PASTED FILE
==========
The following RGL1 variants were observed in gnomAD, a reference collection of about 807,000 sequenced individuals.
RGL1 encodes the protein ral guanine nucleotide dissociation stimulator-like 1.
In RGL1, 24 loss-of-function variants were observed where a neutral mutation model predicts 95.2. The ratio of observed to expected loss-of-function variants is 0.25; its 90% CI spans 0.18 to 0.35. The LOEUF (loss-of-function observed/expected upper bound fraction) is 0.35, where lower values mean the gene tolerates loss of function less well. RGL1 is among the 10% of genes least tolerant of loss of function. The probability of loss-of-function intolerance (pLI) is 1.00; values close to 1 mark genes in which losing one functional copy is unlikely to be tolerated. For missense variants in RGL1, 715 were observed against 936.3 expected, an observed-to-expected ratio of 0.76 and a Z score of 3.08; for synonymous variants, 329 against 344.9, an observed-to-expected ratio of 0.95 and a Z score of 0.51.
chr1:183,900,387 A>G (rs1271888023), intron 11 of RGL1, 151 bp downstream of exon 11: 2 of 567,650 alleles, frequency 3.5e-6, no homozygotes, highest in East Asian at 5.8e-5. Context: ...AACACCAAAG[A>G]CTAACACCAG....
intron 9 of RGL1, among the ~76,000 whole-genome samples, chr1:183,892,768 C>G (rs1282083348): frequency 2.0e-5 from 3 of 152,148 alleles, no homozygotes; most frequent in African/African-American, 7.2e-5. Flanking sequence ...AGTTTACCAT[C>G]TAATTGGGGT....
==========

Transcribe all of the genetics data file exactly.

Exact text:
The following RGL1 variants were observed in gnomAD, a reference collection of about 807,000 sequenced individuals.
RGL1 encodes the protein ral guanine nucleotide dissociation stimulator-like 1.
In RGL1, 24 loss-of-function variants were observed where a neutral mutation model predicts 95.2. The ratio of observed to expected loss-of-function variants is 0.25; its 90% CI spans 0.18 to 0.35. The LOEUF (loss-of-function observed/expected upper bound fraction) is 0.35, where lower values mean the gene tolerates loss of function less well. RGL1 is among the 10% of genes least tolerant of loss of function. The probability of loss-of-function intolerance (pLI) is 1.00; values close to 1 mark genes in which losing one functional copy is unlikely to be tolerated. For missense variants in RGL1, 715 were observed against 936.3 expected, an observed-to-expected ratio of 0.76 and a Z score of 3.08; for synonymous variants, 329 against 344.9, an observed-to-expected ratio of 0.95 and a Z score of 0.51.
chr1:183,900,387 A>G (rs1271888023), intron 11 of RGL1, 151 bp downstream of exon 11: 2 of 567,650 alleles, frequency 3.5e-6, no homozygotes, highest in East Asian at 5.8e-5. Context: ...AACACCAAAG[A>G]CTAACACCAG....
intron 9 of RGL1, among the ~76,000 whole-genome samples, chr1:183,892,768 C>G (rs1282083348): frequency 2.0e-5 from 3 of 152,148 alleles, no homozygotes; most frequent in African/African-American, 7.2e-5. Flanking sequence ...AGTTTACCAT[C>G]TAATTGGGGT....